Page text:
untitledn“I found the last story, the most domestic of the stories, dealing with a mother’s death and its impact on her family, to be, strangely enough, the most interesting of the three. This story, Chasing Horses, love that title, is also included in the new anthology of Antiguan and Barbudan writing, So the Nailhead Bend So the Story End, edited by Althea Prince.  I did wonder, what it might have sounded like from a single perspective like the story of the Governor’s wife kidnapped by the Kalinago and then exiled by her husband or the progressive Bishop trying to build a church community in a socially and racially divided island, instead of shifting from point of view to point of view. I enjoyed and empathized with the other children’s voices, yes. But, as the reader I was particularly interested in how Irene, the oldest daughter whose life was most transformed by her mother’s death, was processing the changes in her life. I felt that sticking with her perspective could have sharpened the thematic focus with respect to what it was like for girls then when it came to the intersection of family obligation and personal ambition.” – Joanne C. Hillhouse on Barbara Arrindell’s The Legend of Bat’s Cave and Other Stories, originally published in the Daily Observer, archived to Wadadli Pen


“This book is also interesting, as noted, for the insight it offers to the immigrant experience.” – Joanne C. Hillhouse’s review of Althea Romeo-Mark’s If the Dust Would Settle, originally published in the Daily Observer, archived to Wadadli Pen





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The Short Story: an Opportunity to Experiment and Dare

‘Just as Steadroy finish mek up he bed under de Big Head, smadee call he name. He freeze … “Papa?” … … … he shiver, looking up de nose-hole of the stone statue, before turning pan he side and resettling heself. De plastic flower an’ dem wha dem lay last Labour Day rustle when he shif’, but after dat, dead silence.

Smadee call he name again.

He tun back pan he back; stare hard pan Papa stone lip an’ dem, looking for even a quiver … … … he choops to heself. Only picknee believe in jumbie. Dead na speak an’ Papa dead long time.’

Excerpt Papa Jumbie by Joanne C. Hillhouse, published in Akashic Books’ Duppy Thursday series


This is an online series and I submitted to it really just for so. As with when I submitted The Cat has Claws to Akashic’s Mondays are Murder (noir) series, I approached it as a writing exercise – a prompt if you will. It was an opportunity to experiment with genres I had never tackled before, noir, and a jumbie/ghost story. While this wasn’t my first attempt at a ghost story, it provided other challenges – one, writing the anti-ghost ghost story (i.e. a ghost story that maybe sort of wasn’t); two, writing the entire story in the Antiguan vernacular(narrative and dialogue both – not that I’m the first to do this but as I typically use English for the narration even when the dialogue is some variation of our Caribbean creole/s, a first for me, I think); third, submit it to a non-Caribbean market. My beta reader (the writer I asked to give me some feedback on it before I revised and submitted) said that while she liked it she wondered if it would be understood and accepted by an editor not steeped in the culture. Only one way to find out. Either it would be rejected, or accepted with edits proposed to make it more crossover, or accepted as is. It was accepted as is, pretty much; they said there would be minor edits but I don’t notice any discernable difference from what I submitted. And the reader response has been positive.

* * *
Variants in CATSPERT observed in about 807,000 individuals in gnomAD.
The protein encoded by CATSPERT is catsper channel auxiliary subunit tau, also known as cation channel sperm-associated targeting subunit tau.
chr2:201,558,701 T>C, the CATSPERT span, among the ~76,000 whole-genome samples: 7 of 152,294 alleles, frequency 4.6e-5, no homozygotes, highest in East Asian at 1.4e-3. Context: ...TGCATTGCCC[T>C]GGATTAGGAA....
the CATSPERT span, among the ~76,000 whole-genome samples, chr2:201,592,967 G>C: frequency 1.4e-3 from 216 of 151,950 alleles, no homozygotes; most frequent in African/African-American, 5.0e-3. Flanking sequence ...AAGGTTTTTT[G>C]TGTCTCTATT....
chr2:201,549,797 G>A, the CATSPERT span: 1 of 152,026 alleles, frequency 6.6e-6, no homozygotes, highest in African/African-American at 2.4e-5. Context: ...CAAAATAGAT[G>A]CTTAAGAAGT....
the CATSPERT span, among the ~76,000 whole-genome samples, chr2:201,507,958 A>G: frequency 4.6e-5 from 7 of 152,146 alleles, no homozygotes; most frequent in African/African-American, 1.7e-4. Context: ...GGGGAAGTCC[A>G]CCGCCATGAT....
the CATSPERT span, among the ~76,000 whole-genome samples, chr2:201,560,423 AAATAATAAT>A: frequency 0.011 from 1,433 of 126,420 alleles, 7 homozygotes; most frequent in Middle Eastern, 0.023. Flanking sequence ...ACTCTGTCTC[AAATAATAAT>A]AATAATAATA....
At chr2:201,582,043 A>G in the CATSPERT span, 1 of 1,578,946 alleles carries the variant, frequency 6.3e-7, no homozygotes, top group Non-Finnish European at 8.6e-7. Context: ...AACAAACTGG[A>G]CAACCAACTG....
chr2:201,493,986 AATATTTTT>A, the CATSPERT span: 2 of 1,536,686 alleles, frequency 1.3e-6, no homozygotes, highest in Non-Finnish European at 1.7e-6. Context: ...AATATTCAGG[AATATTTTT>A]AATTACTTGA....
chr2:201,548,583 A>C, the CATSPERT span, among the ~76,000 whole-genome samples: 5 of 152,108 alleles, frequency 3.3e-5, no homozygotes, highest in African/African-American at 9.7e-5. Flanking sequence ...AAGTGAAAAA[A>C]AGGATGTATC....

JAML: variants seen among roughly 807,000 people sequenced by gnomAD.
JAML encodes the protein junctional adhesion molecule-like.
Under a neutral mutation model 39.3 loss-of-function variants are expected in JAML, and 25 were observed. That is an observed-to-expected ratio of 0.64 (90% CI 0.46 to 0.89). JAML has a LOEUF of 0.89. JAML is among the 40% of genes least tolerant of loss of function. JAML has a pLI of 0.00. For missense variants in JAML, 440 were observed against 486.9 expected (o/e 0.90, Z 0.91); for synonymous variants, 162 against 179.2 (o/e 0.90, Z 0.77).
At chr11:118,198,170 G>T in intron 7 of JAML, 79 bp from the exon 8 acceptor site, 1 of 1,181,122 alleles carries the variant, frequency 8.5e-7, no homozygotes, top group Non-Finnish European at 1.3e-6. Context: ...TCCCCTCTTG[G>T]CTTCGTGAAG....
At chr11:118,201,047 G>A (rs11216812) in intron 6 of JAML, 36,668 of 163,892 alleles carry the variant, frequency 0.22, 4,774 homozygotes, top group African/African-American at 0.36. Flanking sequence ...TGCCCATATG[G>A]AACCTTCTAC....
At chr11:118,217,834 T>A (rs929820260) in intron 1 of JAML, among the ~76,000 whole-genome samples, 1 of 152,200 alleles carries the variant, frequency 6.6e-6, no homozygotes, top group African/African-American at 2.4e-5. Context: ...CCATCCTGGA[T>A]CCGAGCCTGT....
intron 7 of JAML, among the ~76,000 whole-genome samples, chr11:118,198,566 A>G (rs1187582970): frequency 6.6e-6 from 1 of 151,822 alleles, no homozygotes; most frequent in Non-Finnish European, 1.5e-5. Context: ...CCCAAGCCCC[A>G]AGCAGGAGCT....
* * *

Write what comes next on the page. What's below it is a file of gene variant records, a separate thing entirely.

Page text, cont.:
Of course, Akashic, a Brooklyn based independent press, is well familiar with Caribbean authors as it’s published a fair amount of them before, including several of us from various countries in Pepperpot: Best New Stories from the Caribbean.  So you could argue it had an ear already tuned to our various Caribbean accents. Still. I’m going to count this experiment as a win. Of course, I counted it as a win before it was accepted anywhere; as with each key tap I continue to claim the validity of my voice as an Antiguan writer. Can you hear us without us having to iron out our tongue? Maybe you can, maybe you can’t; but should it inform how we write (and if you say, yes, if you want to publish, well, how much). I believe in being true to the piece I’m writing (to my characters especially but also place) so it doesn’t consciously inform how I write. But, in playing with this piece in particular, I did want to consciously erase that divide between the colourful character voice and the more neutral narrator voice, and twist up my tongue little more, as in my poem Tongue Twista. Mission accomplished.

Another reason it was a win before it was accepted is because there is a certain victory in submitting because #facts writers receive more rejections than acceptances; so you submit knowing you face the crushing blow of rejection. “Crushing blow” is not hyperbole by the way; it’s like swinging a demolition ball and waiting for it to swing back in your direction. When rejection hits, it hurts. Hurts bad. Doesn’t matter how long you’ve been doing this. But if you want to be a writer publishing, you don’t let that stop you. You meet the challenge and you work to get better.